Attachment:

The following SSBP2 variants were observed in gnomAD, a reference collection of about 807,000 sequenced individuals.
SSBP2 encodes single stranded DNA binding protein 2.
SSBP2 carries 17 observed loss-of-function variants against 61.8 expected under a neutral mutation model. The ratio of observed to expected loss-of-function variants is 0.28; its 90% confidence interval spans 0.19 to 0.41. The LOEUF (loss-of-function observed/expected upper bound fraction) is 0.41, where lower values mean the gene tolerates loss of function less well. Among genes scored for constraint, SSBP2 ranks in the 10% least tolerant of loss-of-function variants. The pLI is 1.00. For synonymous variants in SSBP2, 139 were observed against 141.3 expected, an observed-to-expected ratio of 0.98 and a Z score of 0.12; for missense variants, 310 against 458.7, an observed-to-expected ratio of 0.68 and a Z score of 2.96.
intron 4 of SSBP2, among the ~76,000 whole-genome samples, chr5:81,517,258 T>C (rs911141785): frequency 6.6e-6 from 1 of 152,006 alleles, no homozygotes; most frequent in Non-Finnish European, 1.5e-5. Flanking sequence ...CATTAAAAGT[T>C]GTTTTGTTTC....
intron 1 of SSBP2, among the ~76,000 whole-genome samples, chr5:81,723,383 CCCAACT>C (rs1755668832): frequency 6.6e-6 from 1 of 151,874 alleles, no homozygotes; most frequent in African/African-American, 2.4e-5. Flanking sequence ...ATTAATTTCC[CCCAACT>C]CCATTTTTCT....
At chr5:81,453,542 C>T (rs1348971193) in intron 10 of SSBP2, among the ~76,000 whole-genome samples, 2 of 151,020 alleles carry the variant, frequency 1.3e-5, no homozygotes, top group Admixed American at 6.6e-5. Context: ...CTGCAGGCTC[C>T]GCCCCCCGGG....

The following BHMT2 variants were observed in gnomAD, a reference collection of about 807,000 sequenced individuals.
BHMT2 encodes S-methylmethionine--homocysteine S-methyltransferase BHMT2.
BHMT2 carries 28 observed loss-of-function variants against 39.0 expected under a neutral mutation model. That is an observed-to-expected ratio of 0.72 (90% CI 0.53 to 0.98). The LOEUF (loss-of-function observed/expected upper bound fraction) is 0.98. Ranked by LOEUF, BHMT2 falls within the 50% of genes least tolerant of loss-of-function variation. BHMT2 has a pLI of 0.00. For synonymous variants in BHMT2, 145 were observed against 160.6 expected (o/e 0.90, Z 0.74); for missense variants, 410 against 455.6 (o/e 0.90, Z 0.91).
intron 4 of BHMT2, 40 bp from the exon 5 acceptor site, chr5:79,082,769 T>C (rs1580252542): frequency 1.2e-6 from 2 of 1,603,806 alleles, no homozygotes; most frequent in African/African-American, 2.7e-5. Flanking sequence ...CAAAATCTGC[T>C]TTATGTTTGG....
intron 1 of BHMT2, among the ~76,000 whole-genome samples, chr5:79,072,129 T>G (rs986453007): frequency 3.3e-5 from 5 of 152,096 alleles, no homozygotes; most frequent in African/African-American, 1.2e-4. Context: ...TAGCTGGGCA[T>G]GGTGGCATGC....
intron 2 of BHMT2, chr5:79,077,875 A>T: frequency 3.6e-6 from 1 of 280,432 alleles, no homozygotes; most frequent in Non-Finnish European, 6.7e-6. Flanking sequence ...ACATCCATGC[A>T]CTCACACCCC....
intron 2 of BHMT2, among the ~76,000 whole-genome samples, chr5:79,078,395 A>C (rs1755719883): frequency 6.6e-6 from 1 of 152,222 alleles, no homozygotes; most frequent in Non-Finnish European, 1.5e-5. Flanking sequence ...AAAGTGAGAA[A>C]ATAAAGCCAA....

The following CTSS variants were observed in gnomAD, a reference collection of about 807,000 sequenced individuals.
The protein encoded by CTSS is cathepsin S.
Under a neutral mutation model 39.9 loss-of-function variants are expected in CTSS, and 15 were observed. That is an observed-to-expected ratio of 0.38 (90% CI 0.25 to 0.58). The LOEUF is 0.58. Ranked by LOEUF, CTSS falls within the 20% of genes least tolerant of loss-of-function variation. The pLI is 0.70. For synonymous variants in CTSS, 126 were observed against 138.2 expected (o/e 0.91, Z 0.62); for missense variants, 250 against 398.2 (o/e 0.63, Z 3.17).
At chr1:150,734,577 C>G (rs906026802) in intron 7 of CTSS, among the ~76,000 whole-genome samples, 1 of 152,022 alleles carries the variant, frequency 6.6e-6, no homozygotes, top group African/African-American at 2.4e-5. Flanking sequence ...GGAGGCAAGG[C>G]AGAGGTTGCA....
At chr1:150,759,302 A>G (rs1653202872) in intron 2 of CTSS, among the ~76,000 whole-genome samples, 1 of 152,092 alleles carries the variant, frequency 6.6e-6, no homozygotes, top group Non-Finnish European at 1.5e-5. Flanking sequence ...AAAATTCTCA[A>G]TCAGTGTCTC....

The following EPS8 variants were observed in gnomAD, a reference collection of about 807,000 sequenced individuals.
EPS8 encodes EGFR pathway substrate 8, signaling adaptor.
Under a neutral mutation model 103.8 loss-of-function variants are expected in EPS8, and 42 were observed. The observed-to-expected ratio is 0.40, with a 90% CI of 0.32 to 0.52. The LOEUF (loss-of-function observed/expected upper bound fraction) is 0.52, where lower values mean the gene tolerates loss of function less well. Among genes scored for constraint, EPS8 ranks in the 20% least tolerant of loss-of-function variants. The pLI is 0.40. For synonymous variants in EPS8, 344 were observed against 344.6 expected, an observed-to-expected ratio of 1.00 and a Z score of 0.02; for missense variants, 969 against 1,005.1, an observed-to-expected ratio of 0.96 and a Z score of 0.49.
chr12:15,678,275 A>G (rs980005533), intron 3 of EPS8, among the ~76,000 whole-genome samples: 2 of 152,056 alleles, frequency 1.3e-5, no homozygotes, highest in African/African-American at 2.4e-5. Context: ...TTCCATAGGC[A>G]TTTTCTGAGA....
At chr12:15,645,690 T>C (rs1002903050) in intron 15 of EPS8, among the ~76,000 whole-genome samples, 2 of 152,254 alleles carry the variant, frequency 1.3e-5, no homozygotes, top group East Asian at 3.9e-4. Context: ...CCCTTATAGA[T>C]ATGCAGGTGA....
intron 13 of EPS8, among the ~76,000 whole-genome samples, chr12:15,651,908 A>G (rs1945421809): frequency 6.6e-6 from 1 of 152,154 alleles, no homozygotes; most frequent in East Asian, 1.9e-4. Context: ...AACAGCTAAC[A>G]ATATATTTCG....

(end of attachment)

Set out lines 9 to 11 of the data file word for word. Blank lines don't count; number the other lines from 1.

BHMT2 carries 28 observed loss-of-function variants against 39.0 expected under a neutral mutation model. That is an observed-to-expected ratio of 0.72 (90% CI 0.53 to 0.98). The LOEUF (loss-of-function observed/expected upper bound fraction) is 0.98. Ranked by LOEUF, BHMT2 falls within the 50% of genes least tolerant of loss-of-function variation. BHMT2 has a pLI of 0.00. For synonymous variants in BHMT2, 145 were observed against 160.6 expected (o/e 0.90, Z 0.74); for missense variants, 410 against 455.6 (o/e 0.90, Z 0.91).
intron 4 of BHMT2, 40 bp from the exon 5 acceptor site, chr5:79,082,769 T>C (rs1580252542): frequency 1.2e-6 from 2 of 1,603,806 alleles, no homozygotes; most frequent in African/African-American, 2.7e-5. Flanking sequence ...CAAAATCTGC[T>C]TTATGTTTGG....
intron 1 of BHMT2, among the ~76,000 whole-genome samples, chr5:79,072,129 T>G (rs986453007): frequency 3.3e-5 from 5 of 152,096 alleles, no homozygotes; most frequent in African/African-American, 1.2e-4. Context: ...TAGCTGGGCA[T>G]GGTGGCATGC....